DIY & Tutorials

How to Make a Rag Rug: Rag Rug Making – 7 Simple Methods

how to make a rag rug

We’re not sure if you’ve seen it, but not so long ago we told you all about our amazing free remnants. If you missed it, check out the post here! Within that, we showed you some of the amazing things that customers had already made, as inspiration. From hats and bags to cushions and linings and even clothing, you guys were full of great ideas! Another extremely popular craft is the rag rug, and our remnants are just perfect to get you started with rag rug making. But, you might be wondering how to make a rag rug. Where to begin.

There are so many different styles of rag rug DIY. We’ve taken a look at some of the more popular ones, and given you a little guide on how to make a rag rug using fabric remnants.

1. The No-Sew Knotting Method

This handy tutorial shows you how to make a rag rug of any size you want (the one in the video is a small almost-coaster size, but you can adapt as you like). The method shown uses a special tool, which is super-helpful for beginners, however, it is quite possible to create your rag rug without it. For this no-sew option, you want strips of around two inches.

Tutorial by Nancy’s Notions

2. The Deep-Pile Method

This tutorial from Lemon Thistle is another no-sew option, although there is a non-slip base used to create the effect here. It boasts a deep pile than you can literally ‘sink your feet into’ and the pieces that you need are approximately 1.5-inches, at around five inches long. You don’t need any specific tools, although you may find that a crochet hook or some tweezers could help.

Tutorial by Remodelaholic on behalf of Lemon Thistle

3. The Braided Method

This braided method tutorial on how to make a rag rug gives a neater more uniform end result, which is amazing considering that it is made from a selection of ‘about one-inch’ scraps, of varying lengths. The added bonus to this method is that you can do exactly as Megan did, and never truly finish it, so you have an ever-growing project.

Tutorial by Megan Nielson

4. The Weaving Method

This method uses a traditional weaving loom, so the size of your rug will depend on the size of the loom that you use. Janet shows us in this tutorial how to make a small placemat size mat as well as a large household rug using the exact same method. What’s more, she even shows us how to make a rag rug from plastic bags – talk about being green!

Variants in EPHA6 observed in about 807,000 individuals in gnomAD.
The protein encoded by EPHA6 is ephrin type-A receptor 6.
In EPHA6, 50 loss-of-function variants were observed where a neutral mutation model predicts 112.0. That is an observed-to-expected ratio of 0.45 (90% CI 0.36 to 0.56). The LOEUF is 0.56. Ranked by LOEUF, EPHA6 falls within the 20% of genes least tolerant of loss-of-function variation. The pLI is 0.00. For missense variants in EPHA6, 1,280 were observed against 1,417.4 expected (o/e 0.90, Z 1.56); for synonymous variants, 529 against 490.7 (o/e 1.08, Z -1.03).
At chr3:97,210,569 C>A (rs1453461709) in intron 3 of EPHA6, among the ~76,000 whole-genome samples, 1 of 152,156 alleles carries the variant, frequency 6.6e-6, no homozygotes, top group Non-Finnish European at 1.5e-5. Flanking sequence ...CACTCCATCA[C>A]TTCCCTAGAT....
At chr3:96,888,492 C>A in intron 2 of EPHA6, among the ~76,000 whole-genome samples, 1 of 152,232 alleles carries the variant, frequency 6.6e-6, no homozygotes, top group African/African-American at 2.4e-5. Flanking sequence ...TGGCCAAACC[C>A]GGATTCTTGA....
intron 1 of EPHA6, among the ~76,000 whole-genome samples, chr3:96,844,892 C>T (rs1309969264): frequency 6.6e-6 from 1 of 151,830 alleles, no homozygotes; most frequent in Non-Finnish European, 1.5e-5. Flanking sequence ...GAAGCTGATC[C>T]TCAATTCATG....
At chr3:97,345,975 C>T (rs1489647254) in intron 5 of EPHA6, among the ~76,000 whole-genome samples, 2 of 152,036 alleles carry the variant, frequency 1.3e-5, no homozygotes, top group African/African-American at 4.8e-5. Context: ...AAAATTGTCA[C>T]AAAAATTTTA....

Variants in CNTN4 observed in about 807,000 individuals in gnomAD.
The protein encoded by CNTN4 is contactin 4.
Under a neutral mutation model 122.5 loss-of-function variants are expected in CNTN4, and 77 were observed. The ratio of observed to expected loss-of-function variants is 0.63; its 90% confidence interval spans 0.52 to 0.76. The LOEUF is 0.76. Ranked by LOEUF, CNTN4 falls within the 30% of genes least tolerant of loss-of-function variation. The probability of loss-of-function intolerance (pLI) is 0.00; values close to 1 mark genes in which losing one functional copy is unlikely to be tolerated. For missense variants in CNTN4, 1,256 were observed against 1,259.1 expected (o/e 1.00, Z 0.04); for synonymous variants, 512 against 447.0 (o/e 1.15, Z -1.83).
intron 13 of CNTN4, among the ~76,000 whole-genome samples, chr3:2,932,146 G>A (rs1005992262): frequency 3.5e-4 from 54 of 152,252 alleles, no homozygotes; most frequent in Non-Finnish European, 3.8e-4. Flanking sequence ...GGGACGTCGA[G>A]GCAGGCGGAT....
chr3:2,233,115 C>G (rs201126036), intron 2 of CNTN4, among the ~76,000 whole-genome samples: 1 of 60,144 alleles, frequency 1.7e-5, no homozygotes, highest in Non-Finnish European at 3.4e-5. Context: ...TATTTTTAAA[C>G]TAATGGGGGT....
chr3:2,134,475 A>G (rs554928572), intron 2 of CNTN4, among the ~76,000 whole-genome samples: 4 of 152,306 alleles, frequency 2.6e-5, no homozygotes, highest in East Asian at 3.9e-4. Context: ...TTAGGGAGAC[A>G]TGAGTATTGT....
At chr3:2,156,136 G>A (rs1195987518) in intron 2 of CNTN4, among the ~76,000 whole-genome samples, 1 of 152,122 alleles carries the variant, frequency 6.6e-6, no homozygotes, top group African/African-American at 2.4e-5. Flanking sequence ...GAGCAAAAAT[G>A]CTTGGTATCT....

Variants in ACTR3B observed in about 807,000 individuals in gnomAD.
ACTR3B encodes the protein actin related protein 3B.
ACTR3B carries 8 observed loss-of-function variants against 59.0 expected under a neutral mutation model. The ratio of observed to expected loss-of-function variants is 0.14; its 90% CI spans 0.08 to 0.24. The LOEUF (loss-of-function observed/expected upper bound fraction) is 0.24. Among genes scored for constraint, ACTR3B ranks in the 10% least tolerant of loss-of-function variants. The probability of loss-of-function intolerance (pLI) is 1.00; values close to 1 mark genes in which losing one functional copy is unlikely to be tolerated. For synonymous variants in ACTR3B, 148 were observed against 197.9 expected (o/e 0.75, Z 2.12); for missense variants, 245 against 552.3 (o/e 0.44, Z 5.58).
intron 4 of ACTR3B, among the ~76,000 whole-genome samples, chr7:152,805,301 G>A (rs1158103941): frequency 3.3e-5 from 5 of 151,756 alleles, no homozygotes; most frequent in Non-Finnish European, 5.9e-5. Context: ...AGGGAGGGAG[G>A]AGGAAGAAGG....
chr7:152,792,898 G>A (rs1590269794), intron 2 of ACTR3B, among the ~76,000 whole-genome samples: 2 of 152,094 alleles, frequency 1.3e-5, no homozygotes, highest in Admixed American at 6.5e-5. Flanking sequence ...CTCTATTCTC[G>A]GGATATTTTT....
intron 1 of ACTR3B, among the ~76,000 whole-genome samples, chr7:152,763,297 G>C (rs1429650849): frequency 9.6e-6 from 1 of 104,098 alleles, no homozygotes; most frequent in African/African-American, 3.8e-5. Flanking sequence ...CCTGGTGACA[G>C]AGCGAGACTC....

Tutorial from When Creativity Knocks

5. The Crochet Method

This method involved crocheting around the edge of your fabric scraps. More of a crochet project than waving or knotting. The way that the crocheting works around your scrap yarns. This is a two-part video tutorial, and we’ve given you the link to the second part here, as that’s where your rug starts to take shape. The link to the first part is both in the comments and the top right corner at the beginning of the tutorial.

Tutorial by Tuula Maria

6. The Half Weave Method

This method is similar to the weaving method, only instead of using the remnants for the warp and the weave, the warping is done with twine or a similar thread. This gives a very different end result, although the process itself is somewhat similar. Instead of a traditional loom, this one is made from cardboard.

Tutorial by Bob Bee

7. The Combo Method

The joy of there being so many ways of how to make a rag rug is that you can start combining them and make a very different end result. Check out this video tutorial which shows you a braided, knotted, no-sew rag rug making in a few steps, using literally nothing but your hands!
Tutorial by The Craftycorns

How to Make a Rag Rug

Now that you know how to make a rag rug in seven completely different ways, why not get started? The best thing about rag rug making is that you only need small scraps of fabric, so they are the perfect use for the fabric remnants that you can order for free. The other great thing is that our fabric scraps are mostly white, so you can dye them any colour you like! Grab yours now by clicking the link below (just pay delivery) and get started with your very own rag rug making project.

new student discount

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